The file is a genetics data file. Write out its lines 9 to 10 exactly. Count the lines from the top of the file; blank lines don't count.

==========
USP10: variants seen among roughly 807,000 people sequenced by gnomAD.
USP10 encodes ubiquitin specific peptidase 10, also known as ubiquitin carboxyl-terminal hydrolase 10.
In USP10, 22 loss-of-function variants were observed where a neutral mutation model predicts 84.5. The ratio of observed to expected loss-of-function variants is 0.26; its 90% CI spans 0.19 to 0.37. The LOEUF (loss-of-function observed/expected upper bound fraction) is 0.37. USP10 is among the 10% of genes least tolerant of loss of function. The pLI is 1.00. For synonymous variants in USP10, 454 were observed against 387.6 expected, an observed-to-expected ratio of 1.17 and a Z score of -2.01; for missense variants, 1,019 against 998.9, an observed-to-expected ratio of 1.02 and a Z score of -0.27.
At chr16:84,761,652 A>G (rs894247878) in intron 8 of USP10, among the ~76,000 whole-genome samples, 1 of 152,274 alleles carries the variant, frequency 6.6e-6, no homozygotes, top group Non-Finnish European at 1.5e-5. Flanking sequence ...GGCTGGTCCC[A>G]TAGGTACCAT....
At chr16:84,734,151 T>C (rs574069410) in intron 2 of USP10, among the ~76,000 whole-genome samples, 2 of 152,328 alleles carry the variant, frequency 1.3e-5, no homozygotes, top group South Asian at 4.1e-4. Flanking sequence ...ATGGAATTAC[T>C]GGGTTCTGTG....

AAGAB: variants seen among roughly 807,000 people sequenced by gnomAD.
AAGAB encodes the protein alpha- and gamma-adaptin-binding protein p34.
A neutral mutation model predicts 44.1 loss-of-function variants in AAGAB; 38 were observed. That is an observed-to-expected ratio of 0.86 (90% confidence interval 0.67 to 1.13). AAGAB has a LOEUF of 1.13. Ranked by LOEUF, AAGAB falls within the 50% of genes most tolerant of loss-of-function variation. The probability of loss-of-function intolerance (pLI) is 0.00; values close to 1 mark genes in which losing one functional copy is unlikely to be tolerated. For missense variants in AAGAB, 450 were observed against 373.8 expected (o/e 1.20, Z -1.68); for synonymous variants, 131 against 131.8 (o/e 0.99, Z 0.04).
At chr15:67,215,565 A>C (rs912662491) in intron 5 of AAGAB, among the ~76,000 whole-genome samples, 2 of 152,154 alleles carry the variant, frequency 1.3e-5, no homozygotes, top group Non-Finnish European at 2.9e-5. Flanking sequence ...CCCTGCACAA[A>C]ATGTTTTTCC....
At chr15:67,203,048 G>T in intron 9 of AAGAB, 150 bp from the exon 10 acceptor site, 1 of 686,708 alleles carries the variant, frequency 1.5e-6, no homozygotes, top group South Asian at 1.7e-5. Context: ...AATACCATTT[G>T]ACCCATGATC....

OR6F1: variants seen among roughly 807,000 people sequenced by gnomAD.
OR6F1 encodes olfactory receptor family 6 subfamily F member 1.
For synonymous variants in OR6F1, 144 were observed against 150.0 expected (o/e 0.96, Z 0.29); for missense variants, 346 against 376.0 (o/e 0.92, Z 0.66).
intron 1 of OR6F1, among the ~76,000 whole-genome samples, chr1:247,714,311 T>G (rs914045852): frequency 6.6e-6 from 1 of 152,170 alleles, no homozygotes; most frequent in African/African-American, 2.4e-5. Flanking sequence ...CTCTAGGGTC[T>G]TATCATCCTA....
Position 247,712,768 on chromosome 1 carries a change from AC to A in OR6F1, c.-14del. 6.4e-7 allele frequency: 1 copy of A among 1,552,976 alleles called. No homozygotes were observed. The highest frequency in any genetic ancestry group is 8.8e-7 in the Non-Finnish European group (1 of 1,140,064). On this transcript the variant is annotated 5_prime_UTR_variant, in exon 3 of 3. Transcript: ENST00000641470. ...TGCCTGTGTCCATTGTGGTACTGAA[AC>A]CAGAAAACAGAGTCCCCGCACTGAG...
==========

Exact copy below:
At chr15:67,215,565 A>C (rs912662491) in intron 5 of AAGAB, among the ~76,000 whole-genome samples, 2 of 152,154 alleles carry the variant, frequency 1.3e-5, no homozygotes, top group Non-Finnish European at 2.9e-5. Flanking sequence ...CCCTGCACAA[A>C]ATGTTTTTCC....
At chr15:67,203,048 G>T in intron 9 of AAGAB, 150 bp from the exon 10 acceptor site, 1 of 686,708 alleles carries the variant, frequency 1.5e-6, no homozygotes, top group South Asian at 1.7e-5. Context: ...AATACCATTT[G>T]ACCCATGATC....